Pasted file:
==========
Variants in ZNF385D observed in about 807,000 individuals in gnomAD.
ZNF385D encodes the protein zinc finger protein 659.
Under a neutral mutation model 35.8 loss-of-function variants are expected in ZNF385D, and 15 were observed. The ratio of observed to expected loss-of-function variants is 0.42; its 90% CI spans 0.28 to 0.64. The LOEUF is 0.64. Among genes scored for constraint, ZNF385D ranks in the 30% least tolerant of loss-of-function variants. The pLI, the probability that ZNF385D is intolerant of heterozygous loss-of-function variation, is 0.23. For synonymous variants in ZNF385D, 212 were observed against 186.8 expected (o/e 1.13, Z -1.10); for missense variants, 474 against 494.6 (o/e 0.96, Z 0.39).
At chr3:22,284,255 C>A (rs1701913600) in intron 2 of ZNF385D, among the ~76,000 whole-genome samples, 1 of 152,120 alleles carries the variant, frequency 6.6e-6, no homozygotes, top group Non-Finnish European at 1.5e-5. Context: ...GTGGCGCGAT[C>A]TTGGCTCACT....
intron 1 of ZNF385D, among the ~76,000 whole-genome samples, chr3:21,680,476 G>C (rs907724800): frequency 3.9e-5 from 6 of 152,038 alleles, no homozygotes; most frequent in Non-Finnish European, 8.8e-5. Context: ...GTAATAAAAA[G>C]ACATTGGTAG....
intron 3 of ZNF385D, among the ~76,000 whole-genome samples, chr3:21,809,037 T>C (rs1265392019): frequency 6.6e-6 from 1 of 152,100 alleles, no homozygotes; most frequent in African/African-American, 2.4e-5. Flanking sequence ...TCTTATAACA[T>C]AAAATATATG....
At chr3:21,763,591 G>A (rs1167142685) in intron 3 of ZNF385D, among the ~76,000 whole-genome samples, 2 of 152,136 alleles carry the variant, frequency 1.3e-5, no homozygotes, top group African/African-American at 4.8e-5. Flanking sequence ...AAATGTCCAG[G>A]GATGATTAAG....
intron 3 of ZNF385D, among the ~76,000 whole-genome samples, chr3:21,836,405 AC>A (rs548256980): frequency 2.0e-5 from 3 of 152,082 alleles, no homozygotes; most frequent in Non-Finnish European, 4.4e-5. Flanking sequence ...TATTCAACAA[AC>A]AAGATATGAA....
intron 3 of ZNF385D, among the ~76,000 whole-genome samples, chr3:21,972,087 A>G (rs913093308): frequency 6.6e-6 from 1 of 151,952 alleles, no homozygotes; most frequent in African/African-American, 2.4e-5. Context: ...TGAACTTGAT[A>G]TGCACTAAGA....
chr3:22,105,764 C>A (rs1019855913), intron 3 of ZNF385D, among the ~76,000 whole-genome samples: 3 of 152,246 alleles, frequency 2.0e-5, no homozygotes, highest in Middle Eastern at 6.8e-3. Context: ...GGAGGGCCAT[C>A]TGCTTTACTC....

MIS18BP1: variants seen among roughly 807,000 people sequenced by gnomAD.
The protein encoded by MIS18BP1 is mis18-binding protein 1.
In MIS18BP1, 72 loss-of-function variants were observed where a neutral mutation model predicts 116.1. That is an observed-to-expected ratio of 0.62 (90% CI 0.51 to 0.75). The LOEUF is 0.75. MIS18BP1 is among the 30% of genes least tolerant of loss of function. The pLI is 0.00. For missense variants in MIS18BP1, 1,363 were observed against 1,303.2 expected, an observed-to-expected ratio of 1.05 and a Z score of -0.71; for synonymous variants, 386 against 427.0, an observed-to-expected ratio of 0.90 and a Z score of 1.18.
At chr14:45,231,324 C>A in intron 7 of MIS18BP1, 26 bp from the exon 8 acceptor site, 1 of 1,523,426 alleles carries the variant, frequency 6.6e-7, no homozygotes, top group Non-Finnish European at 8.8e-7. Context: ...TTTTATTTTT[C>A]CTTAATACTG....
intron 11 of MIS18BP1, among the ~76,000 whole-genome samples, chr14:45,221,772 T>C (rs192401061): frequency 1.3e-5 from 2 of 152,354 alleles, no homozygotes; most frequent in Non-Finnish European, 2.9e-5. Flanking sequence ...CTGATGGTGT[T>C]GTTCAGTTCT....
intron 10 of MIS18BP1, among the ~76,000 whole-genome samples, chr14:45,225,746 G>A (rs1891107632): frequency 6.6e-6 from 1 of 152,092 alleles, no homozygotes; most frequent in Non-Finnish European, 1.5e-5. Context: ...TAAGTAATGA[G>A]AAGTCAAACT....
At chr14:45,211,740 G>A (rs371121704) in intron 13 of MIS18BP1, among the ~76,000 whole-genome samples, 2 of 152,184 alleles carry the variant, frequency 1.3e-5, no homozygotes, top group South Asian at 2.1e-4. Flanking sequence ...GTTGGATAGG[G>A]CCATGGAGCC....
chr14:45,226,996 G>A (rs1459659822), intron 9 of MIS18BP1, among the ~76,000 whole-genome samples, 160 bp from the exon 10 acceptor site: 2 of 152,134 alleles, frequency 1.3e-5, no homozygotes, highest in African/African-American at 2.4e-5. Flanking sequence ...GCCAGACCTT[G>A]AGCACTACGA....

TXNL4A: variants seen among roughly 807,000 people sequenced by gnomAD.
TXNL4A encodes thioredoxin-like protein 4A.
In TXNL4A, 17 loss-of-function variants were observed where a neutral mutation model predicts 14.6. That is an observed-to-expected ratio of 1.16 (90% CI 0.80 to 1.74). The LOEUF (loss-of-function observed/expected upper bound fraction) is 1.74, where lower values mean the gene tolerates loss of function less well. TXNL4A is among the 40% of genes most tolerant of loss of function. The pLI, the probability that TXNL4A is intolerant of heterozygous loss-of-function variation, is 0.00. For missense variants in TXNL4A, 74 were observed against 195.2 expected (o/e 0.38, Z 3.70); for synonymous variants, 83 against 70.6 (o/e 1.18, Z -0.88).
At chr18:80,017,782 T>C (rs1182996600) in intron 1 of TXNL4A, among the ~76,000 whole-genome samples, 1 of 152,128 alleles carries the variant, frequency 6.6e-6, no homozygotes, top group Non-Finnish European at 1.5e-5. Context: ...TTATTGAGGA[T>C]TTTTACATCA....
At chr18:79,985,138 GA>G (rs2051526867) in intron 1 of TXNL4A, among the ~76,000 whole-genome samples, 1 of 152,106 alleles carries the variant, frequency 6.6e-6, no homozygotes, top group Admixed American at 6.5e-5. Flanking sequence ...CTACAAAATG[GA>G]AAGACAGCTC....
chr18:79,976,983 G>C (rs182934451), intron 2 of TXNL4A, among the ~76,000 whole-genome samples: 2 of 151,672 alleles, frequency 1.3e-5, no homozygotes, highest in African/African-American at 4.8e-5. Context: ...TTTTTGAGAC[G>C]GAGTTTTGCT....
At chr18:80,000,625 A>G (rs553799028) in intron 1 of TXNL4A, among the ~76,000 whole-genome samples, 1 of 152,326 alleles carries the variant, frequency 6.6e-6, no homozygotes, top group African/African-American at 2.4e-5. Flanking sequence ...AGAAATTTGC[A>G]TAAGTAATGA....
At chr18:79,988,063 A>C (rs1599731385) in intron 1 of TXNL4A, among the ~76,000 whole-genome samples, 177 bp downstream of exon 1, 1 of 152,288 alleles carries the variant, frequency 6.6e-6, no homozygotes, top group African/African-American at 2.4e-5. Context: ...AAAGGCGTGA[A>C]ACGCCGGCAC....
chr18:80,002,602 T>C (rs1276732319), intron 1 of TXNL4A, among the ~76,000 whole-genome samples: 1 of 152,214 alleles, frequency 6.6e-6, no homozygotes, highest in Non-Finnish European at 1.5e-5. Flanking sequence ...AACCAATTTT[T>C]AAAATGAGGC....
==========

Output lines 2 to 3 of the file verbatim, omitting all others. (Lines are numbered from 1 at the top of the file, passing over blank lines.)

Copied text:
ZNF385D encodes the protein zinc finger protein 659.
Under a neutral mutation model 35.8 loss-of-function variants are expected in ZNF385D, and 15 were observed. The ratio of observed to expected loss-of-function variants is 0.42; its 90% CI spans 0.28 to 0.64. The LOEUF is 0.64. Among genes scored for constraint, ZNF385D ranks in the 30% least tolerant of loss-of-function variants. The pLI, the probability that ZNF385D is intolerant of heterozygous loss-of-function variation, is 0.23. For synonymous variants in ZNF385D, 212 were observed against 186.8 expected (o/e 1.13, Z -1.10); for missense variants, 474 against 494.6 (o/e 0.96, Z 0.39).